Monday, April 4, 2011

Follow Up on Set-Point Theories: Could Royal Jelly Help With Obesity / Diet Induced Structural Brain Changes?

The colleagues over at dug up a 2009 study (Narita. 2009) on the endocrine effects of royal jelly supplementation on rats. You may now wonder "Why is he suddenly beginning to writing off information about old studies on other sites?" Well, my interest in this study relates to my recent appearance on Carl Lenore's Super Human Radio show (I know, I promised a write-up /just have to find the time ;-) and diverges from the original interpretation the anonymous author over at ergo-log provided.

As you may have heard on the podcast, the most significant finding of the Ravussin study (Ravussin. 2011) was the down-regulation of pro-opiomelanocortin [POMC] neurons in the hypothalamus, which went hand in hand with weight gain and weight loss and is associated with a reduction of the metabolic rate to levels at which further weight loss or even weight maintenance become a significant challenge. Here, the findings of the aforementioned study on royal jelly, "a honey bee secretion that is used in the nutrition of larvae, as well as adult queens" (Wikipedia), come into play. As can be seen from in figure 1, 7 months supplementation with 5% Royal Jelly produced profound effects on the expression of the rats' pituitary hormone genes, one of which (you will have guessed that) is POMC.
Figure 1: Expression of Pituitary Hormone Genes in Middle-Aged Female Rats Fed a 5% Royal Jelly Diet for 7 Months. (Narita. 2009)
Now, one could speculate that despite the fact that a ~10% increase in POMC expression could not compensate for the obesity induced loss of 50% of excitatory POMC neurons observed by Ravussin et al., the combined effect of increased POMC expression and a rise in thyroid stimulating hormone TSH could eventually turn out to be beneficial for someone, who has maneuvered him or herself in a metabolic state, where effective weight loss, i.e. the loss of body fat and conservation of muscle mass, is nigh on impossible.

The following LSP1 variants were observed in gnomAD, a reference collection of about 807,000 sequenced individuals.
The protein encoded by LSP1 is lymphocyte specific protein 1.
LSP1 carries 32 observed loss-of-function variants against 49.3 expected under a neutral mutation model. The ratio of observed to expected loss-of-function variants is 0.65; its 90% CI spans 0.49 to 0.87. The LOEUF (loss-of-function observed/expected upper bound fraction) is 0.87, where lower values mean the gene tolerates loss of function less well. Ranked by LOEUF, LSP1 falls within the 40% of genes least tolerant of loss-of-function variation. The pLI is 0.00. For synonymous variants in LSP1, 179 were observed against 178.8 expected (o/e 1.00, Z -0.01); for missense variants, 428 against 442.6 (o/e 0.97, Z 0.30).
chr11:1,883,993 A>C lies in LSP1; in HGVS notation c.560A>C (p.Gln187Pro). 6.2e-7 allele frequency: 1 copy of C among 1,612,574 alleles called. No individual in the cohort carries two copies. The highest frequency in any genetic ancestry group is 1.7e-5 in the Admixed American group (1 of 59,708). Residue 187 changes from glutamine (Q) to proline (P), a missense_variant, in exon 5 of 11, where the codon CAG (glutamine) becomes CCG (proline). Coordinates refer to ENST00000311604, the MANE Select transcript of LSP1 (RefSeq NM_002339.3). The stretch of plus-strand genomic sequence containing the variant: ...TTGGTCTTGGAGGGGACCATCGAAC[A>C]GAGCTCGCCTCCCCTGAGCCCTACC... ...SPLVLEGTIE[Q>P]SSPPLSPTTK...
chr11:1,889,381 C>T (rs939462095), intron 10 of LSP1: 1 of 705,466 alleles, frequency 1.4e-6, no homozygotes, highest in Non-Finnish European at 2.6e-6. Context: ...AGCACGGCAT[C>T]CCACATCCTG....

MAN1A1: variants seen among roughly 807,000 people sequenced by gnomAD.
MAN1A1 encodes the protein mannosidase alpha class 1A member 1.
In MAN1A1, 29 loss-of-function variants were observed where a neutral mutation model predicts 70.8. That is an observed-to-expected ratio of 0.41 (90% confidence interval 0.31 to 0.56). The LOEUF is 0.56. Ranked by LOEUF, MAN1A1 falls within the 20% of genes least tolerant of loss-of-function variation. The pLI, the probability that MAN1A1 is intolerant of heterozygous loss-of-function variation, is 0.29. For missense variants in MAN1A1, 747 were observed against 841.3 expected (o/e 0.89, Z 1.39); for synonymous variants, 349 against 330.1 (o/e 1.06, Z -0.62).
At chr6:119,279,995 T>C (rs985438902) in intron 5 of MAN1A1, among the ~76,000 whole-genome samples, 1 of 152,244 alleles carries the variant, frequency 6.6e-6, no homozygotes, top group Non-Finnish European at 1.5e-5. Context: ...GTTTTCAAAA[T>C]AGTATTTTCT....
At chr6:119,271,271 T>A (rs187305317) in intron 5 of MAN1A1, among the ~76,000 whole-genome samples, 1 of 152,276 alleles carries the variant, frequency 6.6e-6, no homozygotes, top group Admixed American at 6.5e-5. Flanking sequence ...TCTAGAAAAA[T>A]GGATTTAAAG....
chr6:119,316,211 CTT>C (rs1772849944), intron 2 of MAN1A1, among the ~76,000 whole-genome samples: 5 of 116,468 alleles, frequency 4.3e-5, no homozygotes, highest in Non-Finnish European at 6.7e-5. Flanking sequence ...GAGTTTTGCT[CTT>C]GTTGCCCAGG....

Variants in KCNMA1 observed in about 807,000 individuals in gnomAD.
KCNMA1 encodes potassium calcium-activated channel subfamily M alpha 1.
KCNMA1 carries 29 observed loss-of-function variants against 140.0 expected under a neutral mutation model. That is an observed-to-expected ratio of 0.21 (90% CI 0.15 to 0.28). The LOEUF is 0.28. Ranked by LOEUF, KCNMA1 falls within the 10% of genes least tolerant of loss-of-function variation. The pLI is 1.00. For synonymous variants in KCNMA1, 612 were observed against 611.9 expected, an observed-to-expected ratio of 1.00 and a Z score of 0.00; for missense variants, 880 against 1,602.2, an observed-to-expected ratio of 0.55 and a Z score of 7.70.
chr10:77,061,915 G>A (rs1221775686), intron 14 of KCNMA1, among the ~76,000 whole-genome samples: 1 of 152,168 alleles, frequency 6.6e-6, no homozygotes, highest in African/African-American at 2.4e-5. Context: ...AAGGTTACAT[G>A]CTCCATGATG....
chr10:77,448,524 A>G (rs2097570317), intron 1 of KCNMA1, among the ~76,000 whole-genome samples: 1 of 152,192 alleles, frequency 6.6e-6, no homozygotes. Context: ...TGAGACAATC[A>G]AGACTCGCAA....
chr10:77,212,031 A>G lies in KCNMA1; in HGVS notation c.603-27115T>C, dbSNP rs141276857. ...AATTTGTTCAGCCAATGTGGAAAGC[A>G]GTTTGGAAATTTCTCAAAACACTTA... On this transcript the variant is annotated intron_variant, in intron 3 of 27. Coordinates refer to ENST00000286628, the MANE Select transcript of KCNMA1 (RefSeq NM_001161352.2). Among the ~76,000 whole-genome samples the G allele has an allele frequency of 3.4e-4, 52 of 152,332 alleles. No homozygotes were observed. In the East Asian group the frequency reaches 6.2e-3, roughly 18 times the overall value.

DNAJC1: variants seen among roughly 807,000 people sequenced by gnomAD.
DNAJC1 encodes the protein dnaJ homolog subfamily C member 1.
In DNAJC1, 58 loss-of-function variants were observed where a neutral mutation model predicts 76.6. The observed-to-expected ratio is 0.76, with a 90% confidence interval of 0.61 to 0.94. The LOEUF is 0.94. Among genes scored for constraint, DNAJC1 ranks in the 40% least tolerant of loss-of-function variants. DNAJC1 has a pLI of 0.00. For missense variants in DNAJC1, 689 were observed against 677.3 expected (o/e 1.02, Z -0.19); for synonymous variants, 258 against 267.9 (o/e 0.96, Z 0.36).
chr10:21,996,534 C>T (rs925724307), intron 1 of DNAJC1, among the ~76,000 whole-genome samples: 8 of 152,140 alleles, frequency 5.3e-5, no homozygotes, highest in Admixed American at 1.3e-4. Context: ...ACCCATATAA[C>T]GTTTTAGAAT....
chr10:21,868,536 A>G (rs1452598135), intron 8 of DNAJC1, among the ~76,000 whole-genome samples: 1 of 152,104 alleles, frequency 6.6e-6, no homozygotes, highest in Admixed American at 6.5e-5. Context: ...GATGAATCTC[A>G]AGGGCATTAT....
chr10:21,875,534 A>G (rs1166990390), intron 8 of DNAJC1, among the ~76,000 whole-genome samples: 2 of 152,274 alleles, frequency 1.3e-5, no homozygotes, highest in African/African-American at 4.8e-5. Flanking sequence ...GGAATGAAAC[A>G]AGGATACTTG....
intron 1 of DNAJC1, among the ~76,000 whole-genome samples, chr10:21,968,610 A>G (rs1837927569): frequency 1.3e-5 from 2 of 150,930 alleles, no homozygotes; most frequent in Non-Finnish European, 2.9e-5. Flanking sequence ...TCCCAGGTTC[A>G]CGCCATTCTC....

Yet, before you break into the next beeyard, you should consider that...
  1. the amount of royal jelly the rats consumed in the study, i.e. 5% of their daily food intake is almost impossible to achieve without plundering beeyards all over the country (for the same reason it is no practical alternative to medications for "rejuvinating the pituitary" which the author of the ergo-log post seems to imply in the headline of his post)
  2. an upregulation in gene expression alone does not guarantee an increase in metabolic rate (the increase in the thyroid (pre-)hormone T4, for example, was non-significant, despite a significant increase in TSH related gene expression)
Basically, this means that you should get accustomed to the idea that the damage years of overeating and/or crash- & yoyo-dieting has inflicted to your body are unlikely to be repaired within weeks or even months by just popping pills or eating some kind of superfood, no matter how "royal" it may be. In the end, it will come down to making a decision to change your life (nutrition and exercise) and to stick to this decision, no matter how hard it may seem.